LANSING, MI — Michigan ranked 4th in the country for the number of new major corporate facilities and expansions last year, according to Site Selection magazine’s annual Governor’s Cup.
The report tallies the number of “new corporate facility projects with significant impact.” Site Selection is a global publication that’s distributed to business executives responsible for location and facility planning.
Michigan had 337 qualified projects last year, up from just 85 in 2011. The figures do not include retail, government, school or hospital projects. New buildings and expansions must meet at least one of these criteria: invest $1 million or more, create at least 50 new jobs or add at least 20,000 square feet of new floor area.
Texas won the Governor’s Cup and topped the list with 761 projects, followed by Ohio with 491, Pennsylvania with 430, Michigan with 337 and Illinois with 322. (Read more and see the full top 10 here.) About half of Michigan’s projects were expanded manufacturing facilities.
“Once again, the nation is taking notice of the bold reforms now driving Michigan forward. More companies are choosing to grow their futures in Michigan and that is reinforcing our well-earned reputation as America’s comeback state,” Gov. Rick Snyder said in a statement. “The best way to boost our state’s economy and improve the quality of life for all is to create an environment that encourages business investment, job growth and innovation.”
In his first two years in office, Snyder redesigned incentive programs, approved regulatory reforms, and eliminated the Michigan Business Tax as well as the Personal Property Tax for certain businesses. He also signed legislation making Michigan the 24th right-to-work state, a controversial move criticized by Democrats and labor unions but hailed by site selectors and Republicans as a way to put Michigan on the map for business locations and expansions.
“(Right to work) will certainly keep Michigan on lists of states that are under consideration. It is important to some companies, perhaps not all,” said Mark Arend, Site Selection editor-in-chief.
Arend said he would not go as far to say the new law would directly result in enough actual projects to affect rankings.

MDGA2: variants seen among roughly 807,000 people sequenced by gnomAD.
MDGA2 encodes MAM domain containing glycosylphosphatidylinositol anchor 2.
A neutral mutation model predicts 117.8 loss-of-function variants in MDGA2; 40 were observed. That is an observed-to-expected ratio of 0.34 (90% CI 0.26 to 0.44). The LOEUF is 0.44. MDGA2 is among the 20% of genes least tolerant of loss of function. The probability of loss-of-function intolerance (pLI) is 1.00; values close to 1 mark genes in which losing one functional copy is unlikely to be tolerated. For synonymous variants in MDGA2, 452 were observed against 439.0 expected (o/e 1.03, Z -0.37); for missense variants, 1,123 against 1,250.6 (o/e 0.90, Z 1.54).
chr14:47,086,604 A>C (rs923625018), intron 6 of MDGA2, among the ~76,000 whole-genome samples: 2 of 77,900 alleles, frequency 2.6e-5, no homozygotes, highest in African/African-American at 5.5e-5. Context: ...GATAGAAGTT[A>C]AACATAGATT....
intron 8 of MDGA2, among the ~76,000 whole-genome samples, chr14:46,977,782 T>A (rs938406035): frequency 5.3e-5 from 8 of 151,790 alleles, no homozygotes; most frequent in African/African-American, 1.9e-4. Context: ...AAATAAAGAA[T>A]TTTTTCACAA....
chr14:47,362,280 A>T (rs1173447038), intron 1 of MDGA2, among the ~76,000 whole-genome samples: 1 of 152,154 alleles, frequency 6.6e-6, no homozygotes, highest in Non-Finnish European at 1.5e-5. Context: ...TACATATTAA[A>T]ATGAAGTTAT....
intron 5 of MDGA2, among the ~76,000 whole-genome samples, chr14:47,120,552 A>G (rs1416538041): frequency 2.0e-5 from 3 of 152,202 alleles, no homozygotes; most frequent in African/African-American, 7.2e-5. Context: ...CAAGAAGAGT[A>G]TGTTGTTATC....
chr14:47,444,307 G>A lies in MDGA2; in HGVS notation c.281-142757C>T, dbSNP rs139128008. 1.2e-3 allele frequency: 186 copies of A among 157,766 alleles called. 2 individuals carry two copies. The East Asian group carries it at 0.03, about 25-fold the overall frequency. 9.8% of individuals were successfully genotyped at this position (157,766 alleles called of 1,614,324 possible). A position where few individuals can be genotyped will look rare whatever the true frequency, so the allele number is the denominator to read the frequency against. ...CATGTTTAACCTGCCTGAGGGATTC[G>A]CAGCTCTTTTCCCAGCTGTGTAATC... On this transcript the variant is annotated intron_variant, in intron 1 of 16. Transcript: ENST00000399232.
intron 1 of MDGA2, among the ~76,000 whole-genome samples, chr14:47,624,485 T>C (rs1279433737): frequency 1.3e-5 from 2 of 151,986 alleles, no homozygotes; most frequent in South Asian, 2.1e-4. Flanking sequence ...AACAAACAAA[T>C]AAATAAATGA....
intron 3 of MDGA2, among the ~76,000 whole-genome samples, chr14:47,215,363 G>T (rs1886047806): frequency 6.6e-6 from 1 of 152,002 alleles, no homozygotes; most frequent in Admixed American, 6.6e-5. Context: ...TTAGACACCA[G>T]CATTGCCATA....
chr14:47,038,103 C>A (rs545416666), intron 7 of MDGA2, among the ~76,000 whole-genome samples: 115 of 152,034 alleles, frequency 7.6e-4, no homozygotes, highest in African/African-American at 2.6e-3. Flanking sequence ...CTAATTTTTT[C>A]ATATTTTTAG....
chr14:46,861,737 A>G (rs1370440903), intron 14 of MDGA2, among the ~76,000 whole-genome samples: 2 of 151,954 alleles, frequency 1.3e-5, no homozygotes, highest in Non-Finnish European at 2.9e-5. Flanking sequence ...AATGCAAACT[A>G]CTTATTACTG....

Michigan last placed in the top 10 in 2010, when it ranked 7th. There also was a stretch in the 1990s when Michigan seemed to win every year for several years, Arend said.
“It’s good to see Michigan winning the investment that it is,” he said.
Snyder pointed to several major projects that began or were announced last year, including General Motors Co.’s innovation center in Warren, an expansion at Magna Sealing and Glass Systems in Holland Township, Hark Orchids’ new facility near Comstock Township and Dart Container’s headquarters expansion near Mason.
Five Michigan metropolitan areas were among the best in their population categories for new and expanded facilities, including Detroit, Grand Rapids, Battle Creek, Jackson and Saginaw.
The ranking sends a message of Michigan’s “highly competitive business climate,” said Michael Finney, president and CEO of the Michigan Economic Development Corp.
“In the last two years, we have greatly improved Michigan’s business climate and infrastructure, making it easier for businesses to find new paths to prosperity, and our changes are paying off,” he said in a statement.
The MEDC recently came under fire for touting right to work and other business climate changes in advertisements using the Pure Michigan logo. They appeared in the Wall Street Journal, site selection magazines and other business publications.
The move angered some Pure Michigan fans who said it wrongly politicized what has been a very popular tourism campaign, and marketing experts questioned whether the move hurt Pure Michigan’s brand image.
Democrats criticized the MEDC and Snyder, who later said the issue was divisive enough that it shouldn’t have been front-and-center on the ad.
An MEDC official told lawmakers last month that further advertising with a combination of Pure Michigan and right to work was on hold while the issue is evaluated.
Melissa Anders, MLive.